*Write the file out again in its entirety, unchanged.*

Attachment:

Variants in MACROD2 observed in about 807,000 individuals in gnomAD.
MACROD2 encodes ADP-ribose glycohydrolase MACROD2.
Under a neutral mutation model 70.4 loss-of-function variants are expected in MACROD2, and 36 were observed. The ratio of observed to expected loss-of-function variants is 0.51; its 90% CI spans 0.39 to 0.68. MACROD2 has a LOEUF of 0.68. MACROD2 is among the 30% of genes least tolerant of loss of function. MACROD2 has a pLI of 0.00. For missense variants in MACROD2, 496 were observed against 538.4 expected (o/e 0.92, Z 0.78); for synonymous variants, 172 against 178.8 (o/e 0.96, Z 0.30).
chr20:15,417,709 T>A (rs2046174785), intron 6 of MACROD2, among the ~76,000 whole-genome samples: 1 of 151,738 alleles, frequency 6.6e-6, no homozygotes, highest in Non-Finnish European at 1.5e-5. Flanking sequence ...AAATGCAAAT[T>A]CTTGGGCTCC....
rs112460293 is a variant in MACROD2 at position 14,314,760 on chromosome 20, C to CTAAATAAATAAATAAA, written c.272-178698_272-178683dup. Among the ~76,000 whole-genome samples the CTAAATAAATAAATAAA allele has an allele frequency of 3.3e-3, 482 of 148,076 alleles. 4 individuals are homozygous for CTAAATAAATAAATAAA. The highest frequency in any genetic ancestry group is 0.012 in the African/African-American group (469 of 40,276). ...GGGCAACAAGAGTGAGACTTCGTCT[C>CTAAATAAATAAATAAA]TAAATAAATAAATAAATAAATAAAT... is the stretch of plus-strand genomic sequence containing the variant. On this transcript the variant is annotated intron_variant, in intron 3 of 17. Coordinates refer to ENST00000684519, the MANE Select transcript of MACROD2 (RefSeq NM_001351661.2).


Variants in MACROD2 observed in about 807,000 individuals in gnomAD.
MACROD2 encodes ADP-ribose glycohydrolase MACROD2.
Under a neutral mutation model 70.4 loss-of-function variants are expected in MACROD2, and 36 were observed. The ratio of observed to expected loss-of-function variants is 0.51; its 90% CI spans 0.39 to 0.68. MACROD2 has a LOEUF of 0.68. MACROD2 is among the 30% of genes least tolerant of loss of function. MACROD2 has a pLI of 0.00. For missense variants in MACROD2, 496 were observed against 538.4 expected (o/e 0.92, Z 0.78); for synonymous variants, 172 against 178.8 (o/e 0.96, Z 0.30).
chr20:15,417,709 T>A (rs2046174785), intron 6 of MACROD2, among the ~76,000 whole-genome samples: 1 of 151,738 alleles, frequency 6.6e-6, no homozygotes, highest in Non-Finnish European at 1.5e-5. Flanking sequence ...AAATGCAAAT[T>A]CTTGGGCTCC....
rs112460293 is a variant in MACROD2 at position 14,314,760 on chromosome 20, C to CTAAATAAATAAATAAA, written c.272-178698_272-178683dup. Among the ~76,000 whole-genome samples the CTAAATAAATAAATAAA allele has an allele frequency of 3.3e-3, 482 of 148,076 alleles. 4 individuals are homozygous for CTAAATAAATAAATAAA. The highest frequency in any genetic ancestry group is 0.012 in the African/African-American group (469 of 40,276). ...GGGCAACAAGAGTGAGACTTCGTCT[C>CTAAATAAATAAATAAA]TAAATAAATAAATAAATAAATAAAT... is the stretch of plus-strand genomic sequence containing the variant. On this transcript the variant is annotated intron_variant, in intron 3 of 17. Coordinates refer to ENST00000684519, the MANE Select transcript of MACROD2 (RefSeq NM_001351661.2).